The Toronto Maple Leafs started the season by losing to the Montreal Canadiens and Arizona Coyotes in their first four games. Toronto had more points than Montreal and Arizona combined last season, yet the Blue and White looked like the cellar dwellers. Rightfully, head coach Sheldon Keefe was not pleased with his team after the latest embarrassing performance.
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That should’ve changed the narrative to a tough coach puts players on notice. Instead, two days after the comments, Keefe publicly stated that he was wrong. Never has it been more obvious who is running the team and just how fragile the core is on this underperforming squad.
The coach and players spoke in sombre tones to the media. Keefe, who appeared less self-assured than usual, said, “I used some of the wrong words to describe what I was trying to describe. The difference in the game was that we weren’t able to produce… by no means was I meaning anything beyond that, which is what I wanted them to be sure of.”
Are Maple Leafs Delicate Flowers?
Rosie Dimanno from the Toronto Star must’ve also been surprised by Keefe’s demeanour. The reporter followed up the coaches backtracking comments with one of the most potent questions he’s faced in a long time. Dimanno asked, “You have played in the NHL under John Tortorella. You have seen coaches that maybe don’t watch their language. Are we really at the point where they are such delicate flowers that you have to watch the words you use?’
Did she really say delicate flowers? Yes, and the observation was spot on. But, not surprisingly, Keefe disagreed with the assessment, “I don’t think so. It is a passionate sport. There is a lot of emotion in it. I don’t think we are at that point. I think we should always be cognizant of the words we are using and how we are communicating.”
Keefe Criticism was Well-Deserved
Let’s recap these “emotional and passionate” words that caused such a fuss. After Monday’s loss to Arizona, Keefe said, “is there an area to improve? There are a lot of areas to improve. We are only four games in. The guys haven’t found their rhythm. Our best people have not found their rhythm. When you really look at it, the difference between us and Arizona is that we have elite players. Our elite players didn’t play like elite players today.”
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You may want to read that again. Is there anything there that is not the truth? Or anything that a professional athlete making millions of dollars to perform on a team that is once again Stanley Cup favourites should be offended by? According to Keefe, the players were unaware of the comments before talking to the coach. Mitch Marner said that no one asked for the meeting, “he (Keefe) called us in, and we had a talk. It’s all good… I don’t think anyone was hurt by the comments or anything like that.”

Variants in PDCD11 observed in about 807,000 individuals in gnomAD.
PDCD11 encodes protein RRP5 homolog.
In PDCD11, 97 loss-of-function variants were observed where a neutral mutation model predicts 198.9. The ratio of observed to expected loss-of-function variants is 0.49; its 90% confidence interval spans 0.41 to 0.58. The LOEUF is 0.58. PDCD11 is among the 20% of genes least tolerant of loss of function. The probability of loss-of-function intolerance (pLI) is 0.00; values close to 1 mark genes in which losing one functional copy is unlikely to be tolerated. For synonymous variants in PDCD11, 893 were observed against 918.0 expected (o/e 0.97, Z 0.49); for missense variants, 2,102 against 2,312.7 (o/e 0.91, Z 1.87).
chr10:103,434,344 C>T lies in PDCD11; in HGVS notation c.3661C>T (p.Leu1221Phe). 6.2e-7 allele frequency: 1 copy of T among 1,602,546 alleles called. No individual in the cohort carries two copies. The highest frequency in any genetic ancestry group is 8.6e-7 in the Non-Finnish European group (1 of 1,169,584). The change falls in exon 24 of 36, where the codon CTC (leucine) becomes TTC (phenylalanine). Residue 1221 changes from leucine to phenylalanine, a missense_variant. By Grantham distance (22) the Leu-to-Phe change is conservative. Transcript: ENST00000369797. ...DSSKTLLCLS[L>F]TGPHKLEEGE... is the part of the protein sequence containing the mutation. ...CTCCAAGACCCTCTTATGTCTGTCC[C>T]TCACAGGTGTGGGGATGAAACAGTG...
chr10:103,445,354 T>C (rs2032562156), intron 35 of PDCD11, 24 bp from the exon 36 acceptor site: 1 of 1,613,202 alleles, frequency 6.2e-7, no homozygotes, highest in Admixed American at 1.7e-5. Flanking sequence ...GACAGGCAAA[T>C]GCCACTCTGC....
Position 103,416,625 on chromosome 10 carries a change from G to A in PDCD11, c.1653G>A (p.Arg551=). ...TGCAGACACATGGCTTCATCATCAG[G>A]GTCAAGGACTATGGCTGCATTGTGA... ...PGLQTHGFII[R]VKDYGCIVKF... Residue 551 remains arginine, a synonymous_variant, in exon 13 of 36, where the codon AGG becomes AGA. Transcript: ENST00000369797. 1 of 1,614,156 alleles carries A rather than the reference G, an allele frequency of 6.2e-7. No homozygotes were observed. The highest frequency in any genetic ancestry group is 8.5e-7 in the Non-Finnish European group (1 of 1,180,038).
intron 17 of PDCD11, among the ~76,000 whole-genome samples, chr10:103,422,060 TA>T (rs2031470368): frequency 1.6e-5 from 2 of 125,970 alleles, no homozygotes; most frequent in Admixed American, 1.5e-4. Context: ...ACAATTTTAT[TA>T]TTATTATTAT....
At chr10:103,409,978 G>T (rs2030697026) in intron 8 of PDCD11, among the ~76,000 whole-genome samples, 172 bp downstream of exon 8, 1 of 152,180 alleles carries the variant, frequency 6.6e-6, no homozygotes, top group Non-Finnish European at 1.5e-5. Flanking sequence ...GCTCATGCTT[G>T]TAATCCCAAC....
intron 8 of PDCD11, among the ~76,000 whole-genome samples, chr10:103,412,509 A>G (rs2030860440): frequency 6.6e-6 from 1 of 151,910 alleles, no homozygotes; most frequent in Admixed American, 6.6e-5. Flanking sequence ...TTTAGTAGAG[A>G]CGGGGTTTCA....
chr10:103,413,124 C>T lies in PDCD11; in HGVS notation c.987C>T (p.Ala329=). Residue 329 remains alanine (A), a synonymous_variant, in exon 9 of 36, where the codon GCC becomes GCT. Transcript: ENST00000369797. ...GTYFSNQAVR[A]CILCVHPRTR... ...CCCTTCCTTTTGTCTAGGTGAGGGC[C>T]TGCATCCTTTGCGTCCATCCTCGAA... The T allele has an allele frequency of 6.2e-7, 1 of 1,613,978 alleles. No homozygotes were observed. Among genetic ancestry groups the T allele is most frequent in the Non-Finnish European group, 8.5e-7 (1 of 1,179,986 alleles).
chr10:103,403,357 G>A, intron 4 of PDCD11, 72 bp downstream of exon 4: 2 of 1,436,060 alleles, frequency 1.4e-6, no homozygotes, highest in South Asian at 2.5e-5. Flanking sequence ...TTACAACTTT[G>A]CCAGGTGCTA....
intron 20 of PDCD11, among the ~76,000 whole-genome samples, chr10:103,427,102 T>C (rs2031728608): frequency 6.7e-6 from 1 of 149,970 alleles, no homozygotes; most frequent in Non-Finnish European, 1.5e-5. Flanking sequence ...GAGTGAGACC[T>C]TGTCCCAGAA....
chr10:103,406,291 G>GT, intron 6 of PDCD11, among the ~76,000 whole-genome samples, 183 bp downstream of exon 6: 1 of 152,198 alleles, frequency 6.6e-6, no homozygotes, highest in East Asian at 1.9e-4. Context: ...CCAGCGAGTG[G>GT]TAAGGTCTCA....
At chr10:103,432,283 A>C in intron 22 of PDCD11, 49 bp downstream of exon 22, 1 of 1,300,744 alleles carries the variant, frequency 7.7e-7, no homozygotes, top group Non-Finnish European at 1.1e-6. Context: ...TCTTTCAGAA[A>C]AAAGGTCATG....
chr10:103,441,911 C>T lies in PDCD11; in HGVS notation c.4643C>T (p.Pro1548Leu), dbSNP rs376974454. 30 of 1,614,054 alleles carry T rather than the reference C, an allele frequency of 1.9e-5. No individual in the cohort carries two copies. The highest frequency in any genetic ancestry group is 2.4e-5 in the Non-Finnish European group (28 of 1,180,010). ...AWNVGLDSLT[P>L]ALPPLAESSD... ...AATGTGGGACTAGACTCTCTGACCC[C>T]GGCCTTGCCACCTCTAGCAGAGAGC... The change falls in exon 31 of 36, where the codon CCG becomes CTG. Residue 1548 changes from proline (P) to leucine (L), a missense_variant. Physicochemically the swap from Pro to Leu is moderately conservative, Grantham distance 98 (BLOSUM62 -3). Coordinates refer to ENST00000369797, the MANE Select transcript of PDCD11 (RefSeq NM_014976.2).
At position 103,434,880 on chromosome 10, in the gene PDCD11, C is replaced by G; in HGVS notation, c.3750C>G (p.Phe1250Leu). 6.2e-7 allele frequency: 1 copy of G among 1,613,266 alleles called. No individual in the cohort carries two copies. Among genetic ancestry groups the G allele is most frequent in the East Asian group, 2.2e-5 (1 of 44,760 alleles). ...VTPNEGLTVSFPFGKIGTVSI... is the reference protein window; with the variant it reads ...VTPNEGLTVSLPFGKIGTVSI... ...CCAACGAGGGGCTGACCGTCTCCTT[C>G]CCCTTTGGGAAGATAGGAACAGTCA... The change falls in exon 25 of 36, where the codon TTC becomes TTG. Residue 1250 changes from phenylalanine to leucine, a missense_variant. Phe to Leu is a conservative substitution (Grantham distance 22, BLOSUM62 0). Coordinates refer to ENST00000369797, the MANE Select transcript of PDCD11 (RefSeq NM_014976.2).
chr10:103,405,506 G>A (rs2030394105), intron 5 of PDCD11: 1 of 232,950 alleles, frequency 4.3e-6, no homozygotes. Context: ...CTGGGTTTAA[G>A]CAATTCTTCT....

Confusing Statements Raise Questions
These statements and actions raise a lot of questions. Keefe thought it was essential to address the players about comments they didn’t know about and, quite frankly, didn’t seem to care about. Was Keefe directed by someone – Kyle Dubas, Brendan Shanahan – to retract or clarify the comments? Was Keefe concerned that the players wouldn’t like being called out and would turn on him? Or is this what it is like to coach millennials/Gen Z players?
On the other hand, why didn’t the players know? Sure, they are blocking out a lot of the noise, but you would think they would listen to what the coach says about their performance. Also, why did they not respond by taking responsibility for not playing up to the expected standard?
It’s no secret the players turned on the coach before Keefe – Mike Babcock. Now Keefe has shown that the players hold that same threatening power over him. He was so concerned about his stars turning on him that he backtracked the comments behind closed doors and in the media, for the world to see. The players should’ve taken the criticism as a reason to play better and stop being arrogant on the ice. Instead, Keefe’s “clarification” removes the reprimand and gives all the power to the players. Has anyone checked on Barry Trotz?